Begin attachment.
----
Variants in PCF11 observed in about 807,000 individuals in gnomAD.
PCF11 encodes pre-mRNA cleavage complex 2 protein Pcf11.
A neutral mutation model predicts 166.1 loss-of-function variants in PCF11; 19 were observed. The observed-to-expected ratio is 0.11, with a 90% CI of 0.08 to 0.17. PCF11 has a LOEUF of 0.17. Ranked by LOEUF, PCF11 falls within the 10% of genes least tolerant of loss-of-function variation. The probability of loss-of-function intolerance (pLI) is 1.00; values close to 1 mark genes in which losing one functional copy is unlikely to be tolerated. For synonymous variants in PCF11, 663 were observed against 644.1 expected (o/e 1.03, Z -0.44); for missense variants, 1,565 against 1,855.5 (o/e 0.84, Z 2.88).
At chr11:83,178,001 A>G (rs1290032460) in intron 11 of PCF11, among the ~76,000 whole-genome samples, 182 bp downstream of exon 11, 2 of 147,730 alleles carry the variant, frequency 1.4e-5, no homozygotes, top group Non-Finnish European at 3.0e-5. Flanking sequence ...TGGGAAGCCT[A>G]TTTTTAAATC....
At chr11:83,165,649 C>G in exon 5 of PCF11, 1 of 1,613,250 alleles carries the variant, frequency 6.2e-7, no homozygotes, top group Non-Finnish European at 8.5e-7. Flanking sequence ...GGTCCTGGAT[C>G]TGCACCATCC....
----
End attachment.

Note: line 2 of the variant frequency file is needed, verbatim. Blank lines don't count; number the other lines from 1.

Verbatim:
PCF11 encodes pre-mRNA cleavage complex 2 protein Pcf11.